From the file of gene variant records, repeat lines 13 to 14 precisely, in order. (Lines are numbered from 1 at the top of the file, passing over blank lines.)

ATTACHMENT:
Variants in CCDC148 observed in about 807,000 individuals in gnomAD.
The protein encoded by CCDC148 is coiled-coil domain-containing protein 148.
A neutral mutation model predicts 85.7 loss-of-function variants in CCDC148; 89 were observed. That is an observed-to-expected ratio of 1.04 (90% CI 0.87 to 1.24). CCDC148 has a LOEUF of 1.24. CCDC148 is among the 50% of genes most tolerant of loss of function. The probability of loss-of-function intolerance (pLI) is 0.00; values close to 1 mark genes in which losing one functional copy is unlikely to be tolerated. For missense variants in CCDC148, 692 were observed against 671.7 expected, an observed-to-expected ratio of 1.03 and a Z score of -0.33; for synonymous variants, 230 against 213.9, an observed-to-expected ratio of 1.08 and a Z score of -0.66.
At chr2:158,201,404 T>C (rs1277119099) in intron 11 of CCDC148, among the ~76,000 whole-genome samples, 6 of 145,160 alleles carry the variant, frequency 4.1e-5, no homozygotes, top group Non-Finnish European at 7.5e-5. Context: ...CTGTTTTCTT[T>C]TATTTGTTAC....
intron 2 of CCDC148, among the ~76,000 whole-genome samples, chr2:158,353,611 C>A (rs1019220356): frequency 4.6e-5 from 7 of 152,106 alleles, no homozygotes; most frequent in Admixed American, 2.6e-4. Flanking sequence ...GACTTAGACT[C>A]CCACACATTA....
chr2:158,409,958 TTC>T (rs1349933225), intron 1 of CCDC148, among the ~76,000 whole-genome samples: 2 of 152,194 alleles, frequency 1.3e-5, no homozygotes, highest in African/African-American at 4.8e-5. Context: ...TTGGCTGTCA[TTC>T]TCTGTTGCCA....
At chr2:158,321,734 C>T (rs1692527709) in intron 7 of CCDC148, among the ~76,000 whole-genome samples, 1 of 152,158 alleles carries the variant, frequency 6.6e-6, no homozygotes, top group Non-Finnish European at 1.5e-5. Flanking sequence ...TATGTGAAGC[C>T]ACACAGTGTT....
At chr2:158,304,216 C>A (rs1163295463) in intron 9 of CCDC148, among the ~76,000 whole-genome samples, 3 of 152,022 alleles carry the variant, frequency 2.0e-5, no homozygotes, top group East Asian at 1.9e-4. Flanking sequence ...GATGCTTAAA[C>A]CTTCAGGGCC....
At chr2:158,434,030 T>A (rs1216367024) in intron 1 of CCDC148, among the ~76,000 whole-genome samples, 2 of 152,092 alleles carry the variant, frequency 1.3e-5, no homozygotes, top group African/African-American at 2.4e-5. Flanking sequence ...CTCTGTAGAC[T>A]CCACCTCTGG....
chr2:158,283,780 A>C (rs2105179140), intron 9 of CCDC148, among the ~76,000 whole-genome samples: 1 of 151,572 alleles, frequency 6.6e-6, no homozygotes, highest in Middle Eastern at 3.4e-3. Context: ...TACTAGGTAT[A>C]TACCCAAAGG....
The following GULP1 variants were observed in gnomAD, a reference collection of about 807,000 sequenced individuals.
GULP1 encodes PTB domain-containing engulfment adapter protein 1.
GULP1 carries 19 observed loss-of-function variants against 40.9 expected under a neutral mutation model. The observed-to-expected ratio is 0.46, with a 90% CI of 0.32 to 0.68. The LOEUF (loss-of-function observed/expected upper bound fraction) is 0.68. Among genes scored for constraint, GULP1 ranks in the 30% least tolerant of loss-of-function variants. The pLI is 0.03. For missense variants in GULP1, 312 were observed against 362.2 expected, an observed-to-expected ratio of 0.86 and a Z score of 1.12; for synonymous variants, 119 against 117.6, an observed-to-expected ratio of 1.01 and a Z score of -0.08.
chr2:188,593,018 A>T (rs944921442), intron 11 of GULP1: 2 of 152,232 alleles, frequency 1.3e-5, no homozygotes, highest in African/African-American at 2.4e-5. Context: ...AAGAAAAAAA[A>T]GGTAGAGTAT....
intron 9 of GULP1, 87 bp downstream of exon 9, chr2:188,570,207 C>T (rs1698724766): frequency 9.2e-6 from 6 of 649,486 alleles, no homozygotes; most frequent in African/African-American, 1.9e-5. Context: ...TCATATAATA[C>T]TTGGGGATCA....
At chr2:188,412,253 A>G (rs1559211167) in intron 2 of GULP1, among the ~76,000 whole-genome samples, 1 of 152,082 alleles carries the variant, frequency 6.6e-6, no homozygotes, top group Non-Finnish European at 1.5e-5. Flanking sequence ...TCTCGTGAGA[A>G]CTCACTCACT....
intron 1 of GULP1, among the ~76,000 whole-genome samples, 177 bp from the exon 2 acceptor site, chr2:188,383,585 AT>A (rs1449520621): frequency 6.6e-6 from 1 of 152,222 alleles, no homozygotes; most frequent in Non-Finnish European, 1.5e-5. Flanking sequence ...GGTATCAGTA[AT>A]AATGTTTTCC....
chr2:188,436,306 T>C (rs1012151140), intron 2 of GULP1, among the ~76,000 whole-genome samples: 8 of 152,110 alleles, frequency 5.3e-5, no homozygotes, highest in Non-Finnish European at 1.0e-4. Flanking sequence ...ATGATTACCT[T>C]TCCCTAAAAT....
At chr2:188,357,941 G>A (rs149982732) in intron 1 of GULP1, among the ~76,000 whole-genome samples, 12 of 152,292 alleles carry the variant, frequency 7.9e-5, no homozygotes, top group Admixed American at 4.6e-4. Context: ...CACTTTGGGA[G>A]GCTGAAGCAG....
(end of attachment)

GULP1 carries 19 observed loss-of-function variants against 40.9 expected under a neutral mutation model. The observed-to-expected ratio is 0.46, with a 90% CI of 0.32 to 0.68. The LOEUF (loss-of-function observed/expected upper bound fraction) is 0.68. Among genes scored for constraint, GULP1 ranks in the 30% least tolerant of loss-of-function variants. The pLI is 0.03. For missense variants in GULP1, 312 were observed against 362.2 expected, an observed-to-expected ratio of 0.86 and a Z score of 1.12; for synonymous variants, 119 against 117.6, an observed-to-expected ratio of 1.01 and a Z score of -0.08.
chr2:188,593,018 A>T (rs944921442), intron 11 of GULP1: 2 of 152,232 alleles, frequency 1.3e-5, no homozygotes, highest in African/African-American at 2.4e-5. Context: ...AAGAAAAAAA[A>T]GGTAGAGTAT....